At the top of the capital stack is equity, the most expensive layer of finance. Preferred and Common Equity both give borrowers more access to equity capital, therefore, allowing the developer to “unlock” the final piece of the jigsaw to make a capital stack whole.

With equity, the source of capital can either be all your cash or a combination of cash from you and an investor. You use Equity Finance so that you don’t have to inject all of your own cash into your next investment. It is worth noting that equity is typically the hardest part of the capital stack to source and secure. 

Outside your own pool of cash, the source of Equity Finance ranges from High Net Worth Individuals and Family Offices to Private Equity Institutions and these days Crowdfunding platforms. Needless to say, the more equity you have, the more deals you can do and the quicker your business will grow.

Preferred Equity, also known as 3rd Party Equity, is most commonly used where additional funds are needed beyond what senior or junior debt can provide. Preferred equity receives a higher rate of return than any debt piece of the stack and a lower return than common equity, which is relative to its risk. 

Common equity is often referred to as “having skin in the game”. This source of funding typically comes from the developers, sponsors of the property/project, and/or joint venture partners that invest in the project with either sweat or capital. 

While common equity typically involves more risk, it also offers a higher potential return than preferred equity. Common equity holders receive a pre-agreed distribution of the remaining cash flow or value once the senior debt, mezzanine and preferred equity is repaid. 

Equity is paid for by a combination of interest, arrangement fees, exit fees and/or a profit share, typically 50% of profits. Both the senior lender and mezzanine lender may have a minimum equity commitment they require from a developer/investor which could be between 5% to 10% of the total costs of the project.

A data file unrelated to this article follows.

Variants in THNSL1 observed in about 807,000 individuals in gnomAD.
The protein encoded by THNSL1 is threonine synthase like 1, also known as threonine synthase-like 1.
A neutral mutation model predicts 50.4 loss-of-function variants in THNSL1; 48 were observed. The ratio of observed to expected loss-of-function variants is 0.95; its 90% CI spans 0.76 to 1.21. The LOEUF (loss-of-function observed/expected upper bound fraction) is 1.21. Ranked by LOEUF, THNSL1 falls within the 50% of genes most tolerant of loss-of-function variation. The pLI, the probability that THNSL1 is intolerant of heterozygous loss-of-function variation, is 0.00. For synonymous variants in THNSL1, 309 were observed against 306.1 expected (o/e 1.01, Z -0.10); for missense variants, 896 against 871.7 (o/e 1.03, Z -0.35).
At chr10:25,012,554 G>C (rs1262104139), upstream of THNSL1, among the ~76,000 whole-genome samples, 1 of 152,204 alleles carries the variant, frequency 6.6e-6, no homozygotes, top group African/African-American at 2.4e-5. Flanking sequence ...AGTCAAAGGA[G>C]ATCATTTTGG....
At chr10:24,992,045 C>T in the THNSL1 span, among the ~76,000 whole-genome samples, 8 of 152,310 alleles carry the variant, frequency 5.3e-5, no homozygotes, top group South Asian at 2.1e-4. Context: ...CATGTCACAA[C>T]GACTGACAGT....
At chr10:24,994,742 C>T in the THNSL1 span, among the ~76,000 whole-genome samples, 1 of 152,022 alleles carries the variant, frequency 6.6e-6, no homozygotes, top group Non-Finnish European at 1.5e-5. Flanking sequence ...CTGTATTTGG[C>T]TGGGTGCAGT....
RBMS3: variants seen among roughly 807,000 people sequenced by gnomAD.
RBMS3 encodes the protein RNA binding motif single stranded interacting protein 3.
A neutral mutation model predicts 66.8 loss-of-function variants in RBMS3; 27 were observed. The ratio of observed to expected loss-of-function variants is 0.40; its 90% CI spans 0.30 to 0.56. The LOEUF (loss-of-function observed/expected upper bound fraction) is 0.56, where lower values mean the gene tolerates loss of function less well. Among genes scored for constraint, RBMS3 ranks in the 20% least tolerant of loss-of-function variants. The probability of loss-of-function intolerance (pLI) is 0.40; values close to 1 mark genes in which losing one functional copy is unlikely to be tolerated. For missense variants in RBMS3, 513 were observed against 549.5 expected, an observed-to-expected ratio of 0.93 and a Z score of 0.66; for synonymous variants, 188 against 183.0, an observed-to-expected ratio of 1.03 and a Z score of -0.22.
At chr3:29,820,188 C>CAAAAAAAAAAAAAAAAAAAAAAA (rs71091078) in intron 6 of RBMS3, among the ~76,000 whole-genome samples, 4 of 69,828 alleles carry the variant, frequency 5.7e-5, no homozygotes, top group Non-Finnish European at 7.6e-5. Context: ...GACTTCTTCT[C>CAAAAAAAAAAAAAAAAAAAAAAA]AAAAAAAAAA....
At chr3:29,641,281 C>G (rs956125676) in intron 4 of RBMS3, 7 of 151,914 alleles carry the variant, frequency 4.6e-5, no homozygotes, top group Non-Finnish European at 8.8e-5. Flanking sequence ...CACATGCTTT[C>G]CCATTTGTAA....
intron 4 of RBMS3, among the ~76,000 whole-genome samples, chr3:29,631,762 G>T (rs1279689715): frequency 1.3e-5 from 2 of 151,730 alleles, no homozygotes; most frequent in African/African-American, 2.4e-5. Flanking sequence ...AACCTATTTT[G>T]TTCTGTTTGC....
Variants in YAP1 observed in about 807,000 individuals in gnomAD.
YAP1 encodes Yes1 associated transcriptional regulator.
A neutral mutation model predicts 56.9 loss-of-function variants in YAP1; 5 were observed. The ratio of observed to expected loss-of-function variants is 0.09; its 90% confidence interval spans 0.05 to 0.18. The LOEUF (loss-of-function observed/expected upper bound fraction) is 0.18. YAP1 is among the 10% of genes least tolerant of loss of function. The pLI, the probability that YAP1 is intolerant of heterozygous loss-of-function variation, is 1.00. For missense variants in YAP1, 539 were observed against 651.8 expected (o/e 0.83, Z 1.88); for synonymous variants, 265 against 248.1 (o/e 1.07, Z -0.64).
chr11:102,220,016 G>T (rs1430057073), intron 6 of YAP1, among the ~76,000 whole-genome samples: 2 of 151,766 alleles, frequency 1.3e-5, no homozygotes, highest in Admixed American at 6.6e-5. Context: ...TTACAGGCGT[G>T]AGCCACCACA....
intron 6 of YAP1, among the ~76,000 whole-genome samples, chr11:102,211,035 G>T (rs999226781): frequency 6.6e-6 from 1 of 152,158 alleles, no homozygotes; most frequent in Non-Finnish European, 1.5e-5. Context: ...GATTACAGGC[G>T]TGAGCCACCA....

Using the Capital Stack

Each level of the capital stack comes with different risks and rewards and lenders/investors in your project will have different requirements, costs, maximum leverage limits, security packages and, in some cases, minimum return hurdles. 

Given this, it is important to have a broad understanding of the finance options available to you before deciding which route of finance to go for.

Where you position yourself in the stack depends on the level of investment you find appealing, your personal financial circumstances and your appetite for risk.

If you are keen on being a capital provider/investor instead of a property investor/developer, it is wise to diversify your portfolio and spread your investments up and down the capital stack with numerous projects. In this way, it is possible to reduce the overall risk exposure and maintain long-term appreciation.

If you are not sure how to use the capital stack within your property business, our Property Funding Advisers are happy to help. We can assess your current situation and guide you through the funding process to help you meet your property business goals.

Schedule a strategy call below to find out more. 

Your property may be repossessed if you do not keep up repayments on the finance secured against it.

   Speak to a Funding Specialist